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Quake III: Team Arena

Score: 75%
ESRB: Mature
Publisher: Activision
Developer: id Software
Media: CD/1
Players: 1 +
Genre: First Person Shooter

Graphics & Sound:

[BIG NOTE: Just in case you didn't see it up there, Quake III: Team Arena requires a copy of Quake III: Arena to be installed. In addition, you must have entered the CD Key for Q3A before Q3TA will run.]

The graphics in Quake III: Team Arena are the same graphics that you saw in Q3A. The engine itself is rock-solid, and the world is quite gorgeous. It still concentrates a little too heavy on that techno-industrial-gothic-castle thing that Q3A was a little too fixated on, but it's certainly not ugly. And, in fact, a few of the levels push the engine to areas that we've never seen it before. There are some absolutely sprawling maps, ones that thirty players would fit comfortably into. They're not particularly complex-looking, but it's still impressive to see an engine go places that it's never gone before. Of course, the play style of Q3A didn't lend itself to sprawling maps.

The character models, on the other hand, are surprisingly bland. I often had problems determining what team a person was on -- the colouring scheme definitely needs to be made more obvious. The various teams look a little too generic for my tastes, to be honest. They're not ugly, but they're not quite as detailed as I would have liked them to be.

The sound is strictly Q3A fare. You'll recognize every ammo/armour shard pick-up, the cha-ching of an armour suit, the thwack of a new gun. The music is the same as well. It's a relatively solid aureal presentation, although it never quite gets to the level of say, Unreal Tournament. The same goes for the radio chatter. It seems that in an attempt to make it sound more authentic, it's staticy, but it ends up being more annoying than not. It's certainly better than no voice chatter at all, mind you, but nothing struck me as much as the endless taunting by the bots in UT.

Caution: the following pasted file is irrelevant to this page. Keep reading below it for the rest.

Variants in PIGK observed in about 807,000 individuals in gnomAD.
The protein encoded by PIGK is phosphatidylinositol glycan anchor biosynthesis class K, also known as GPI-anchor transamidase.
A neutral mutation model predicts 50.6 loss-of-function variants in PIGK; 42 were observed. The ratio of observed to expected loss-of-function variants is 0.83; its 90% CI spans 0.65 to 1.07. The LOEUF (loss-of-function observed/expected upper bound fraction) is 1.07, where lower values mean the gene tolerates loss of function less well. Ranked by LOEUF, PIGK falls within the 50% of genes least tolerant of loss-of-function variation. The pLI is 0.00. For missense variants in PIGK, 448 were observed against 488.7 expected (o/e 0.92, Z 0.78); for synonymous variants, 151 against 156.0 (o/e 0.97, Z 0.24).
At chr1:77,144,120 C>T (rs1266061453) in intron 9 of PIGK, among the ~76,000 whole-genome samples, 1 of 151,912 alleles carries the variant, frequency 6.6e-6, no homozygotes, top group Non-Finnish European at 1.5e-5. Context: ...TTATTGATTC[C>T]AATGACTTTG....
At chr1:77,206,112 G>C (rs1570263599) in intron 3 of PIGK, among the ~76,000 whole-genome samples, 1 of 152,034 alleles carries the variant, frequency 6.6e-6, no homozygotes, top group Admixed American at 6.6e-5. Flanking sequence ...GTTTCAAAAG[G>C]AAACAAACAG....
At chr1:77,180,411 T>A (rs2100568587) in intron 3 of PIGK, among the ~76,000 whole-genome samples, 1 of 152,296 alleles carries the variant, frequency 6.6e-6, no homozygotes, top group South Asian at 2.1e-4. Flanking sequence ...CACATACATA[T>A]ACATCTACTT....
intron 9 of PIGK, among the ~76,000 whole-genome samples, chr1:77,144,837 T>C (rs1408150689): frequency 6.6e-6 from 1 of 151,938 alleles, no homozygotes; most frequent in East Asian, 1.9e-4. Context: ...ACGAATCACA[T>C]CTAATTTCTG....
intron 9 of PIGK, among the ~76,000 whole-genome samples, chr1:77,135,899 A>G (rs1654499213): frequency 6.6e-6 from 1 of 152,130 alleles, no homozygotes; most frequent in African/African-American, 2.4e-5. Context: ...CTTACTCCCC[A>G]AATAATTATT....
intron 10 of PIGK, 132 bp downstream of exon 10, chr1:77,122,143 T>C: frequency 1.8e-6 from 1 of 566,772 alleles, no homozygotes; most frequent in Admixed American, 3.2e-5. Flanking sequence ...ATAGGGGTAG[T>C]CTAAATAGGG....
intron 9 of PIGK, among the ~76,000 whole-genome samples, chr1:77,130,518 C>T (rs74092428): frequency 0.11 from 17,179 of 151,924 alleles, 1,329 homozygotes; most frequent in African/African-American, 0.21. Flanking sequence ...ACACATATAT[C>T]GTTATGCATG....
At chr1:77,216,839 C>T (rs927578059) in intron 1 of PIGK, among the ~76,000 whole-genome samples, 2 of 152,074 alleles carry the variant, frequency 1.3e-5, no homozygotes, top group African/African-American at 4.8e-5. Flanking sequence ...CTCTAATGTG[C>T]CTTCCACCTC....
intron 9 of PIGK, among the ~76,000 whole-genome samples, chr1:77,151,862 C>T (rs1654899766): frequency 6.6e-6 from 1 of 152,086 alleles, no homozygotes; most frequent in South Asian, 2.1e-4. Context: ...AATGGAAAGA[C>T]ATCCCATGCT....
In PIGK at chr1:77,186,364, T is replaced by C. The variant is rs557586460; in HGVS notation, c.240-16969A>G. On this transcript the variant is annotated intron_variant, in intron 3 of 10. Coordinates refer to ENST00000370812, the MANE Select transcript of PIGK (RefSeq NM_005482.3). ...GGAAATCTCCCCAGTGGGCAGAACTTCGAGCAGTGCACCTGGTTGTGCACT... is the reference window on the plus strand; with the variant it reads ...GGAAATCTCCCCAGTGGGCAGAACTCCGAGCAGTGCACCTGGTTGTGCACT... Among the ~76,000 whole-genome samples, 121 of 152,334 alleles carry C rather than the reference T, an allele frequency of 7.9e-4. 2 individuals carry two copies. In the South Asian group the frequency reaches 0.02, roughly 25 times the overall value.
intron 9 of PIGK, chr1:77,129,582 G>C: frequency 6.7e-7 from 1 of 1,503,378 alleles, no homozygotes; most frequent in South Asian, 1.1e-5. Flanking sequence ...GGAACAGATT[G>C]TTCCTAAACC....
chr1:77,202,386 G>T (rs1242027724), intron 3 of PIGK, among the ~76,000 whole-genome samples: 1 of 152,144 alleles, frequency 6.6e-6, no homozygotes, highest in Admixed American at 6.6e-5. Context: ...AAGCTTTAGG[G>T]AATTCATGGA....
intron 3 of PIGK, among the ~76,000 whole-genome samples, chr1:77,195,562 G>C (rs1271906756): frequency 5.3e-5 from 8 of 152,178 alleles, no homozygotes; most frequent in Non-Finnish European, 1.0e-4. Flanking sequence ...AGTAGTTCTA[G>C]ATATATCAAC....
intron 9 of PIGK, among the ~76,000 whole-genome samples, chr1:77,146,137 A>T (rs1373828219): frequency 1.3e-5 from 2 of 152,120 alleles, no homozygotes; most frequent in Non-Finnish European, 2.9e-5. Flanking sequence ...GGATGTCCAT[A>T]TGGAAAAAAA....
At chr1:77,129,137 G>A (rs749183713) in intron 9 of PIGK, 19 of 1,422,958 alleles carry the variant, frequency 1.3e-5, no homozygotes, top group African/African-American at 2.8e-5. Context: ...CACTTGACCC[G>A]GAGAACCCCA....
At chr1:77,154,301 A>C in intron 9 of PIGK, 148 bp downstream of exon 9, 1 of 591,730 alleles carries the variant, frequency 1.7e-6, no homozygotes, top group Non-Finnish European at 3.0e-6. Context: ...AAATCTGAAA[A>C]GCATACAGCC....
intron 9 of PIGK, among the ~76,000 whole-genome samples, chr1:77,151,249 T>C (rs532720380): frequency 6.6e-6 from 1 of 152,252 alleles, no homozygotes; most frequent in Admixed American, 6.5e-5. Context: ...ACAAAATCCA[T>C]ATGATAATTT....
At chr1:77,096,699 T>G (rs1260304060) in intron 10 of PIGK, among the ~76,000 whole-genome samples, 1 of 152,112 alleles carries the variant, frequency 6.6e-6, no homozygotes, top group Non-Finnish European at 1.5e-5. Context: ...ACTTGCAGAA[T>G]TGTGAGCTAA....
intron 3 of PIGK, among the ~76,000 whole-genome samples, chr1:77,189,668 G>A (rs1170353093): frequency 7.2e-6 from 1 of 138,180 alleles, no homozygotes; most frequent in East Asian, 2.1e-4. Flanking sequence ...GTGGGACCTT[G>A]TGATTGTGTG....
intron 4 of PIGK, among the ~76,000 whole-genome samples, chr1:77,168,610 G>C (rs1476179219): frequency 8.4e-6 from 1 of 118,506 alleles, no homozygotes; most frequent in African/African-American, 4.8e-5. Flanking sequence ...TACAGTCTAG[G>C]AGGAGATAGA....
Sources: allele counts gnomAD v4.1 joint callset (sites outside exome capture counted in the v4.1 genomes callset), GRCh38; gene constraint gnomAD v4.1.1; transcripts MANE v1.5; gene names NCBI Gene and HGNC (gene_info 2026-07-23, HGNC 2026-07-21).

And, while Quake III: Team Arena offers some solid gameplay to go with its solid presentation, its team features still end up being less than those in its major opponent, Unreal Tournament. What's worse, you have to pay for this add-on, whereas Epic releases new maps all the time for free. That's not to say that most of the things Q3TA adds to the experience are bad -- far from it -- but it seems that with all the free add-ons available, the only reason to get Q3TA is that everyone else will be playing it.

Once again, the single-player experience in Q3TA is all but discarded in favour of multiplayer. There's an amusing scoring system that keeps track of how 'well' you do in the various game-types, but the single-player campaign will probably not hold your interest for very long. It does let you get some much-needed practice on the new maps, however, of which there are quite a few.

In addition to a scad of new CTF maps -- many of them abso-fricking-lutely huge, reminding me more of Tribes than any other FPS -- there are a few new play modes to add to the mix. These additional play modes are certainly entertaining, and a few of them may actually get some heavy use, but in the end it's still Capture the Flag that rules the day.

In One-Flag CTF, you've got to capture a flag in the middle of neutral territory, then bring it to your opponent's base. This makes for an interesting case of base-cracking: normally in this type of game, once you've got the flag halfway across the map you're running like mad for a base you know is protected. Now it's protected, but by the wrong team. Urk!

In Overload, an obelisk appears at the flag base of both bases. You've got to destroy the enemy's obelisk. It takes a psychotically large amount of damage, and it regenerates constantly. Concerted effort is necessary to crack the base and do enough damage to the obelisk. It's challenging, and fun as hell.